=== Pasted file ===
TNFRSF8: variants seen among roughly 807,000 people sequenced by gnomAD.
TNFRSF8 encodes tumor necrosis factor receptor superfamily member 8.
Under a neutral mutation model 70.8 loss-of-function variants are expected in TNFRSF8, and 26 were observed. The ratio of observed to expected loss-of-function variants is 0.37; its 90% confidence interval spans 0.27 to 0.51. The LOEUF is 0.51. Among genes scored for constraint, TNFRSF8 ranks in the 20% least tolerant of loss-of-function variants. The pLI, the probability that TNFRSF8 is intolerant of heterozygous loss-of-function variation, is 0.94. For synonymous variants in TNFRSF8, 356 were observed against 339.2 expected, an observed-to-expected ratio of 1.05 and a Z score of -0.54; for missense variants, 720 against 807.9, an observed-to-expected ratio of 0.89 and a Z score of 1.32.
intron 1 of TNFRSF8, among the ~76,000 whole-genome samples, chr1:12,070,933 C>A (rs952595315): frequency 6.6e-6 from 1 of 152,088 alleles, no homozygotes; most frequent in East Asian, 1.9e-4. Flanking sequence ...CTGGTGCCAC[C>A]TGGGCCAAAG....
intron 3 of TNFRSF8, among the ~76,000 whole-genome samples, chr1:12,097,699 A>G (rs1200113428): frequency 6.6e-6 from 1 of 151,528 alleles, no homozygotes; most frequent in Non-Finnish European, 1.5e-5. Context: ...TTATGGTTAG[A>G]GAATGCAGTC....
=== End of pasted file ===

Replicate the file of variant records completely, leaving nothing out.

TNFRSF8: variants seen among roughly 807,000 people sequenced by gnomAD.
TNFRSF8 encodes tumor necrosis factor receptor superfamily member 8.
Under a neutral mutation model 70.8 loss-of-function variants are expected in TNFRSF8, and 26 were observed. The ratio of observed to expected loss-of-function variants is 0.37; its 90% confidence interval spans 0.27 to 0.51. The LOEUF is 0.51. Among genes scored for constraint, TNFRSF8 ranks in the 20% least tolerant of loss-of-function variants. The pLI, the probability that TNFRSF8 is intolerant of heterozygous loss-of-function variation, is 0.94. For synonymous variants in TNFRSF8, 356 were observed against 339.2 expected, an observed-to-expected ratio of 1.05 and a Z score of -0.54; for missense variants, 720 against 807.9, an observed-to-expected ratio of 0.89 and a Z score of 1.32.
intron 1 of TNFRSF8, among the ~76,000 whole-genome samples, chr1:12,070,933 C>A (rs952595315): frequency 6.6e-6 from 1 of 152,088 alleles, no homozygotes; most frequent in East Asian, 1.9e-4. Flanking sequence ...CTGGTGCCAC[C>A]TGGGCCAAAG....
intron 3 of TNFRSF8, among the ~76,000 whole-genome samples, chr1:12,097,699 A>G (rs1200113428): frequency 6.6e-6 from 1 of 151,528 alleles, no homozygotes; most frequent in Non-Finnish European, 1.5e-5. Context: ...TTATGGTTAG[A>G]GAATGCAGTC....